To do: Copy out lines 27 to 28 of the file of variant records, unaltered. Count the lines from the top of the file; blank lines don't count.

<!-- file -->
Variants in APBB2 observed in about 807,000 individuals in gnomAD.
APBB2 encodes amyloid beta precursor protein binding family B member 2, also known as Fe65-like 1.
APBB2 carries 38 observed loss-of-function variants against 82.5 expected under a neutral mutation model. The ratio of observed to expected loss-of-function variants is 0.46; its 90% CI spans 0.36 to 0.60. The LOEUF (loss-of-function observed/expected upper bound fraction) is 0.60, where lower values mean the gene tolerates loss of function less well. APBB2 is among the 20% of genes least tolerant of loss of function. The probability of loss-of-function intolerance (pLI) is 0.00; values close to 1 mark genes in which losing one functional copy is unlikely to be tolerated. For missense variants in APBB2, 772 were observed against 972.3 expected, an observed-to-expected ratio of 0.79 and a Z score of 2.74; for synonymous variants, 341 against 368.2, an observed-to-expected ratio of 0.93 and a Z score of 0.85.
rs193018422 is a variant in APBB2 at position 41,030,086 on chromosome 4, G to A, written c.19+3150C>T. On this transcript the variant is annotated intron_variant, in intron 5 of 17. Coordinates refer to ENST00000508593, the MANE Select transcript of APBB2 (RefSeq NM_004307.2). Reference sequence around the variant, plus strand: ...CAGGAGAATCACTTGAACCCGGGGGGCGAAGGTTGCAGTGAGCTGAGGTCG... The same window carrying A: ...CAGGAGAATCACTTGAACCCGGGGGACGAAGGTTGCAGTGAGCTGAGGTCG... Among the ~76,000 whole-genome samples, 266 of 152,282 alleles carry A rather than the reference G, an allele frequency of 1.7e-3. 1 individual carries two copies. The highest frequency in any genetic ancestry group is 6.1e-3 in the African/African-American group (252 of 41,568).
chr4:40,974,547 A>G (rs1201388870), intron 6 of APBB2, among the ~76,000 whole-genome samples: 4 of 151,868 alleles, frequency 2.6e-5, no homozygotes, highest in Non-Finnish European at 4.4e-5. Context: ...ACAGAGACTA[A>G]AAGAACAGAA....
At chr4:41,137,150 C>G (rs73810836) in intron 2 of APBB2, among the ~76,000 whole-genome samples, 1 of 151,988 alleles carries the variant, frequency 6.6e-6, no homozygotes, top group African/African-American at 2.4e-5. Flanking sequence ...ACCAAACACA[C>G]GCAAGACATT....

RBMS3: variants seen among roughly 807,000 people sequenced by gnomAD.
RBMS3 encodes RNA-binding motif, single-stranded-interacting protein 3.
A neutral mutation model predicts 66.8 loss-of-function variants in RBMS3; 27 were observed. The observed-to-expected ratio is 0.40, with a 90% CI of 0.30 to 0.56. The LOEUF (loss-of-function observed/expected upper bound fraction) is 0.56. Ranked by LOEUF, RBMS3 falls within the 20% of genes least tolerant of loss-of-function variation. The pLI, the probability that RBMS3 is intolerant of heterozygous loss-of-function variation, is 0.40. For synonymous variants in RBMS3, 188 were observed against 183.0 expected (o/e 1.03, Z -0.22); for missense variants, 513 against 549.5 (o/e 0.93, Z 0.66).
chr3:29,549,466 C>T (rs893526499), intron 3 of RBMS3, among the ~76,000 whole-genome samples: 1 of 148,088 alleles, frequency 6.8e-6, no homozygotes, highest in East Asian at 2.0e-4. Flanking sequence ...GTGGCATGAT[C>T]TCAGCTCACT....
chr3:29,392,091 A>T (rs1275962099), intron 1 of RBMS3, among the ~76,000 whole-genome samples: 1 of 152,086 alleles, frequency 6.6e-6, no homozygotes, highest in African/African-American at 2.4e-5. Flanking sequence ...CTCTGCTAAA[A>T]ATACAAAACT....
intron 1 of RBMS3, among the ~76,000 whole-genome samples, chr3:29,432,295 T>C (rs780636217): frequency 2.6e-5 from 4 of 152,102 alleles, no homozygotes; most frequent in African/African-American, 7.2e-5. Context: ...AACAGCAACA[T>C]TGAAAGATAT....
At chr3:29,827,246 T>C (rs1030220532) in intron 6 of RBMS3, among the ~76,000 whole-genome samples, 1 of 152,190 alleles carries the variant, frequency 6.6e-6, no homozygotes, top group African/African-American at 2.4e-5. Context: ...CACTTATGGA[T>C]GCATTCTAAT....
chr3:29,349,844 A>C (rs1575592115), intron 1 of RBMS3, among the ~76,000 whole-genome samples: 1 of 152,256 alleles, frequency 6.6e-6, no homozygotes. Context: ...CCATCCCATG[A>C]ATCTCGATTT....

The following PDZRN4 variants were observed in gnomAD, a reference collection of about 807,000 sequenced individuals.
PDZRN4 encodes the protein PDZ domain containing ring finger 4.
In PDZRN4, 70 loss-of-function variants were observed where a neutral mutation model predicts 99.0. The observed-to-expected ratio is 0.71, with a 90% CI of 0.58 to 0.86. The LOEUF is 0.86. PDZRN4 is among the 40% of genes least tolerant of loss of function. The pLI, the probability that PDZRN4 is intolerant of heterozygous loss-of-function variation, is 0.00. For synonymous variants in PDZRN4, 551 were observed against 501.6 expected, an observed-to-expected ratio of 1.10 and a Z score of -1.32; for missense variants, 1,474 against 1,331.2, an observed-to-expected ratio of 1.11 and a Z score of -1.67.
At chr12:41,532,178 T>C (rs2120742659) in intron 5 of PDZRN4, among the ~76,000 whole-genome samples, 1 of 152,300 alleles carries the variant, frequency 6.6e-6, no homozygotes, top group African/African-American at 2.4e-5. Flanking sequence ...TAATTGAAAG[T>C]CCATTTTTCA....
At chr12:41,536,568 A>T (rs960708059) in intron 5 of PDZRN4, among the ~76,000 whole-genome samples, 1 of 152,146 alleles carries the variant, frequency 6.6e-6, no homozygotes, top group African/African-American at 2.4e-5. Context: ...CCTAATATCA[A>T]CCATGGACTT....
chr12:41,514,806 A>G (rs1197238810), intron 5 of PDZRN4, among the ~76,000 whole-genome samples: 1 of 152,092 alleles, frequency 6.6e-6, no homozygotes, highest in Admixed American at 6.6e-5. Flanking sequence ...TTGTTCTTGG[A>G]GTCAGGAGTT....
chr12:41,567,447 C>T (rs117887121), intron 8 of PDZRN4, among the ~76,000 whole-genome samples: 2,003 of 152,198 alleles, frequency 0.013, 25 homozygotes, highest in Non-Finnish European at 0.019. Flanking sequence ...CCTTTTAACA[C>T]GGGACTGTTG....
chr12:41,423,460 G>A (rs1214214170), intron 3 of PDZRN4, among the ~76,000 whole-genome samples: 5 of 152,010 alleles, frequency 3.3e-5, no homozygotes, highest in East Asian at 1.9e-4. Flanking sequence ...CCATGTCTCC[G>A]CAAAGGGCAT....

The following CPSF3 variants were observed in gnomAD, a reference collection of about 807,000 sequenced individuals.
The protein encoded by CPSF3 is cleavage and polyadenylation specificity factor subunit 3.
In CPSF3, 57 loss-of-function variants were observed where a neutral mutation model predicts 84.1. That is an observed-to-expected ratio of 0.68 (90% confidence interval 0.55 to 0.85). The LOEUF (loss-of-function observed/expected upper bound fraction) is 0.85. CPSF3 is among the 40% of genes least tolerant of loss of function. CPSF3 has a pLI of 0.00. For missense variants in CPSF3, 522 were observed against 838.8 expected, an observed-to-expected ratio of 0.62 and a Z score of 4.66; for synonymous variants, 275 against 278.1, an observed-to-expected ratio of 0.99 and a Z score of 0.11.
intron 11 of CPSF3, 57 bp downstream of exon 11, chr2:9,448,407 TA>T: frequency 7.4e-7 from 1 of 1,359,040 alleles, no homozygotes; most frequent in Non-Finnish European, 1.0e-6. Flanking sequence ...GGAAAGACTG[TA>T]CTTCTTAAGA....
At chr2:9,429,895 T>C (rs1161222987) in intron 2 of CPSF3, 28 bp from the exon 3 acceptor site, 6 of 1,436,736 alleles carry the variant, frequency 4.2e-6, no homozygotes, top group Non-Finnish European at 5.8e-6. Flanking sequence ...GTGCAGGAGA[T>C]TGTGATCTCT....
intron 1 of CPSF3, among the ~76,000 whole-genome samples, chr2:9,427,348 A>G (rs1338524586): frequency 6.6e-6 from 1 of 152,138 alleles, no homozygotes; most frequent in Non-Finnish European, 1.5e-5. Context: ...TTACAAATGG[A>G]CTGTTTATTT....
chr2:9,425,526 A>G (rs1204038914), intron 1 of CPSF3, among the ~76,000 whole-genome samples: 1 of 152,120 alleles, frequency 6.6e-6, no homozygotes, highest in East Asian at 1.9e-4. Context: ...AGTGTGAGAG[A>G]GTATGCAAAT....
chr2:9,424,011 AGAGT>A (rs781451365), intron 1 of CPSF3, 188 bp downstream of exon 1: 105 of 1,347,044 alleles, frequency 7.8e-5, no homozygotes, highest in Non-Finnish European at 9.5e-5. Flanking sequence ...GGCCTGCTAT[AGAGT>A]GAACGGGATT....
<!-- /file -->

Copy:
At chr2:9,429,895 T>C (rs1161222987) in intron 2 of CPSF3, 28 bp from the exon 3 acceptor site, 6 of 1,436,736 alleles carry the variant, frequency 4.2e-6, no homozygotes, top group Non-Finnish European at 5.8e-6. Flanking sequence ...GTGCAGGAGA[T>C]TGTGATCTCT....
intron 1 of CPSF3, among the ~76,000 whole-genome samples, chr2:9,427,348 A>G (rs1338524586): frequency 6.6e-6 from 1 of 152,138 alleles, no homozygotes; most frequent in Non-Finnish European, 1.5e-5. Context: ...TTACAAATGG[A>G]CTGTTTATTT....